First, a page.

Parviainen, H., Palle, E., Zapatero Osorio, M. R., Rodríguez, P. M., Murgas, F., Narita, N., Soto, D. H., Bejar, V. J. S., Korth, J., Monelli, M., Barris, N. C., Crouzet, N., De Leon, J. P., Fukui, A., Hernández, A., Klagyivik, P., Kusakabe, N., Luque, R., Mori, M., Nishiumi, T., Prieto Arranz, J., Tamura, M., Watanabe, N., Burke, C., Charbonneau, D., Collins, K. A., Collins, K. I., Conti, D., García Soto, A., Jenkins, J. S., Jenkins, J. M., Levine, A., Li, J., Rinehart, S., Seager, S., Tenenbaum, P., Ting, E. B., Vanderspek, R., Vezie, M., Winn, J. N. (2020). MuSCAT2 multicolour validation of TESS candidates: an ultra-short-period substellar object around an M dwarf. Astronomy and Astrophysics 633 DOI: 10.1051/0004-6361/201935958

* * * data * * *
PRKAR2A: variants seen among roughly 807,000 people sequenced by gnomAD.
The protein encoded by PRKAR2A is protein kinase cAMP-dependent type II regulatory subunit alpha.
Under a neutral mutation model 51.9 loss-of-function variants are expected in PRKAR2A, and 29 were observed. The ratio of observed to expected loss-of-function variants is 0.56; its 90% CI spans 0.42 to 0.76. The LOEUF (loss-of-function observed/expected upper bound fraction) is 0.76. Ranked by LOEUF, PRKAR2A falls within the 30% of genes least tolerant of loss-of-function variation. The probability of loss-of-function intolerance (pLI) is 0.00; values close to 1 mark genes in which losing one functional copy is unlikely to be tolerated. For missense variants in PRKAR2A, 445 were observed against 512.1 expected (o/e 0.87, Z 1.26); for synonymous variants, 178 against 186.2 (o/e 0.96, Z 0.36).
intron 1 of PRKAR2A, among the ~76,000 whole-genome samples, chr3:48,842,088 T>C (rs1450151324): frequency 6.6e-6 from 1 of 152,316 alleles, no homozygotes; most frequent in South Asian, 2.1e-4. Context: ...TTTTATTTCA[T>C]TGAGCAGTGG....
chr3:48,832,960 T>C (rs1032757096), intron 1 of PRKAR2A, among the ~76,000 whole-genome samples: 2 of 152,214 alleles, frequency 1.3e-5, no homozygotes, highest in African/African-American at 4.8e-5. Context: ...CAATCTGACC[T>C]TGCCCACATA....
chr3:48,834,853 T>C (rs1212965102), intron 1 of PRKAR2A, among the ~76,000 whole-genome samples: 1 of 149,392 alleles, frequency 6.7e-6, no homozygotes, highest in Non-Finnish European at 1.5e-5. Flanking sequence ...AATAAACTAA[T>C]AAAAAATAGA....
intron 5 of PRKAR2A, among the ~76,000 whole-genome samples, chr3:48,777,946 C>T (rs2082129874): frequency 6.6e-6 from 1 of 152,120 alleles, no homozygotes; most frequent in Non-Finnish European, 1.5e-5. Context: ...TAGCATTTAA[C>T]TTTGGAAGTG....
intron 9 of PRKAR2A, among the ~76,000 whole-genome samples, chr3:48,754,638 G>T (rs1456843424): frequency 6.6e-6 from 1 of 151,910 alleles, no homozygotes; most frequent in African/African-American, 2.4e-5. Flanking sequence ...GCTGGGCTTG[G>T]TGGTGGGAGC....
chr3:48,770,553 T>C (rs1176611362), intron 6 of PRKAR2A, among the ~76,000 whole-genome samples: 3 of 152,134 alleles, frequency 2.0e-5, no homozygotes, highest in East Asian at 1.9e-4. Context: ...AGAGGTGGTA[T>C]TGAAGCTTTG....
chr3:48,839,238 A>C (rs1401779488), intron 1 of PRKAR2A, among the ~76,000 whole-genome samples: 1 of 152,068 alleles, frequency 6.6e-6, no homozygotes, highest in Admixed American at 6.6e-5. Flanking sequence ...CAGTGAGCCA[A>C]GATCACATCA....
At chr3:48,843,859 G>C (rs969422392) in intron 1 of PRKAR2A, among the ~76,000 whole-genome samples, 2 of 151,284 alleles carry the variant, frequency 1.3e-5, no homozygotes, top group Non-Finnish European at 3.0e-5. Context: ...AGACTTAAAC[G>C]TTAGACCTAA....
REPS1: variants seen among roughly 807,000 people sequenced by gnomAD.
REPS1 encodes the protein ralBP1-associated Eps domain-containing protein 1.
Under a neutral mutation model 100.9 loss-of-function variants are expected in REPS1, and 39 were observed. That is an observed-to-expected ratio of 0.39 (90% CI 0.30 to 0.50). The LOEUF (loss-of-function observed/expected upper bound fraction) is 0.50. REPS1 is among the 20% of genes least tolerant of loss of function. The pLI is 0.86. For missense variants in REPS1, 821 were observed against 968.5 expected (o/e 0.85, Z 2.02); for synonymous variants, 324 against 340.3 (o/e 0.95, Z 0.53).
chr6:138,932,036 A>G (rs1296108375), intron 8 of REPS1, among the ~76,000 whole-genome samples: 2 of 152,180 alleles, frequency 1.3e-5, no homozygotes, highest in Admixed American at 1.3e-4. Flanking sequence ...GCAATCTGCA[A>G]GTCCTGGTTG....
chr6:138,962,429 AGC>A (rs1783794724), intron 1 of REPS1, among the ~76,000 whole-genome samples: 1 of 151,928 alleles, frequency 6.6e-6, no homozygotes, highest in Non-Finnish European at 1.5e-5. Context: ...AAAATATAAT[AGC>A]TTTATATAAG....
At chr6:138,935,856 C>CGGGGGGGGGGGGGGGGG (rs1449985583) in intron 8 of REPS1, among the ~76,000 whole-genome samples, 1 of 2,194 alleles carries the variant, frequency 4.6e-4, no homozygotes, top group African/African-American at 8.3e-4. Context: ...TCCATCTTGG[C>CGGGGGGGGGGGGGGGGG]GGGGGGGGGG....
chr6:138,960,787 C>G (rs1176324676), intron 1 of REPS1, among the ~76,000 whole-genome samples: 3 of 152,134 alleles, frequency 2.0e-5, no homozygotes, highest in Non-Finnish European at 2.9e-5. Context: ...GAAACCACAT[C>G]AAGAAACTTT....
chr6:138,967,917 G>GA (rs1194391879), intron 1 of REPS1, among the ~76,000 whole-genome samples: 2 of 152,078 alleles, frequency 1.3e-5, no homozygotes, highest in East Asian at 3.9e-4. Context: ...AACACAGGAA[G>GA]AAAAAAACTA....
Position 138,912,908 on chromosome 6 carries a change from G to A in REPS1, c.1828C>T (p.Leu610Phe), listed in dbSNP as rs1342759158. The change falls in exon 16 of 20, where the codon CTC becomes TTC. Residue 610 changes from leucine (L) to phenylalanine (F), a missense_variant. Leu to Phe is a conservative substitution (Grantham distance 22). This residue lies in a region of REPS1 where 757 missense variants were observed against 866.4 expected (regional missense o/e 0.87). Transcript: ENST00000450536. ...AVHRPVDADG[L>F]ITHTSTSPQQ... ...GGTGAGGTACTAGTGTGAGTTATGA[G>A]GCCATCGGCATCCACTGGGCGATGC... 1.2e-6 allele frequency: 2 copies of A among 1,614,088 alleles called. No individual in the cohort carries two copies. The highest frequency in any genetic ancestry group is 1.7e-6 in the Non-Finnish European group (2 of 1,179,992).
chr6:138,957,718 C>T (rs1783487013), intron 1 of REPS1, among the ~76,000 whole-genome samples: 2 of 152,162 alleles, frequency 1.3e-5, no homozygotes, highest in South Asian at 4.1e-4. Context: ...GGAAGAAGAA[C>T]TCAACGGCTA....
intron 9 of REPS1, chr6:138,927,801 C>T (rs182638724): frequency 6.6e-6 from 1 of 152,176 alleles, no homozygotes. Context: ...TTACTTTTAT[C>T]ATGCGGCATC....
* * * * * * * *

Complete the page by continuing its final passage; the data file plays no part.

We report the discovery of TOI 263.01 (TIC 120916706), a transiting substellar object (R = 0.87 R-Jup) orbiting a faint M3.5 V dwarf (V = 18.97) on a 0.56 d orbit.Aims. We setout to determine the nature of the Transiting Exoplanet Survey Satellite (TESS) planet candidate TOI 263.01 using ground-based multicolour transit photometry. The host star is faint, which makes radial-velocity confirmation challenging, but the large transit depth makes the candidate suitable for validation through multicolour photometry.Methods. Our analysis combines three transits observed simultaneously in r, i ‘, and z(s) bands usingthe MuSCAT2 multicolour imager, three LCOGT-observed transit light curves in g ‘, r ‘, and i ‘ bands, a TESS light curve from Sector 3, and a low-resolution spectrum for stellar characterisation observed with the ALFOSC spectrograph. We modelled the light curves with PYTRANSIT using a transit model that includes a physics-based light contamination component, allowing us to estimate the contamination from unresolved sources from the multicolour photometry. Using this information we were able to derive the true planet-star radius ratio marginalised over the contamination allowed by the photometry.Combining this with the stellar radius, we were able to make a reliable estimate of the absolute radius of the object.Results. The ground-based photometry strongly excludes contamination from unresolved sources with a significant colour difference to TOI 263. Furthermore, contamination from sources of the same stellar type as the host is constrained to levels where the true radius ratio posterior has a median of 0.217 and a 99 percentile of0.286. The median and maximum radius ratios correspond to absolute planet radii of 0.87 and 1.41 R-Jup, respectively,which confirms the substellar nature of the planet candidate. The object is either a giant planetor a brown dwarf (BD) located deep inside the so-called “brown dwarf desert”. Both possibilities offer a challenge to current planet/BD formation models and make TOI 263.01 an object that merits in-depth follow-up studies.